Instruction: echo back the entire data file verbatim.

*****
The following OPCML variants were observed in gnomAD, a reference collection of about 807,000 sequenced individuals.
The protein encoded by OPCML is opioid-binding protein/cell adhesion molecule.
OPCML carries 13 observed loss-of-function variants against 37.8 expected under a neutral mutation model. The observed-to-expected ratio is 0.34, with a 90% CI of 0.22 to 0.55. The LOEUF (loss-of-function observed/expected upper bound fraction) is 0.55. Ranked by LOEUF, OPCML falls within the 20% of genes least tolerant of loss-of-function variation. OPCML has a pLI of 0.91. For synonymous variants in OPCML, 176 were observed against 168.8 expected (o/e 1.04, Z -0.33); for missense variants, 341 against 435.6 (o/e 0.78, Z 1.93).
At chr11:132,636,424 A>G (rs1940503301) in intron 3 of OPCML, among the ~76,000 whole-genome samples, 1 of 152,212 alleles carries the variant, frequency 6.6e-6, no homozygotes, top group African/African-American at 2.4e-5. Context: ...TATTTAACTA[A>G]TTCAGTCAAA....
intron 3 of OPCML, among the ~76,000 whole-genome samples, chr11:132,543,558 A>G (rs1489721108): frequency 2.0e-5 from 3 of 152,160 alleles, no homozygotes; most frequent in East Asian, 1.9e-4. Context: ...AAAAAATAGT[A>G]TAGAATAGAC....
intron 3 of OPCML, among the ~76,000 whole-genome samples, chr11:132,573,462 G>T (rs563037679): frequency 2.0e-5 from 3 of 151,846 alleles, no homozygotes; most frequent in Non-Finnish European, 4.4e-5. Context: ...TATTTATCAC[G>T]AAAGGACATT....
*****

The following OPCML variants were observed in gnomAD, a reference collection of about 807,000 sequenced individuals.
The protein encoded by OPCML is opioid-binding protein/cell adhesion molecule.
OPCML carries 13 observed loss-of-function variants against 37.8 expected under a neutral mutation model. The observed-to-expected ratio is 0.34, with a 90% CI of 0.22 to 0.55. The LOEUF (loss-of-function observed/expected upper bound fraction) is 0.55. Ranked by LOEUF, OPCML falls within the 20% of genes least tolerant of loss-of-function variation. OPCML has a pLI of 0.91. For synonymous variants in OPCML, 176 were observed against 168.8 expected (o/e 1.04, Z -0.33); for missense variants, 341 against 435.6 (o/e 0.78, Z 1.93).
At chr11:132,636,424 A>G (rs1940503301) in intron 3 of OPCML, among the ~76,000 whole-genome samples, 1 of 152,212 alleles carries the variant, frequency 6.6e-6, no homozygotes, top group African/African-American at 2.4e-5. Context: ...TATTTAACTA[A>G]TTCAGTCAAA....
intron 3 of OPCML, among the ~76,000 whole-genome samples, chr11:132,543,558 A>G (rs1489721108): frequency 2.0e-5 from 3 of 152,160 alleles, no homozygotes; most frequent in East Asian, 1.9e-4. Context: ...AAAAAATAGT[A>G]TAGAATAGAC....
intron 3 of OPCML, among the ~76,000 whole-genome samples, chr11:132,573,462 G>T (rs563037679): frequency 2.0e-5 from 3 of 151,846 alleles, no homozygotes; most frequent in Non-Finnish European, 4.4e-5. Context: ...TATTTATCAC[G>T]AAAGGACATT....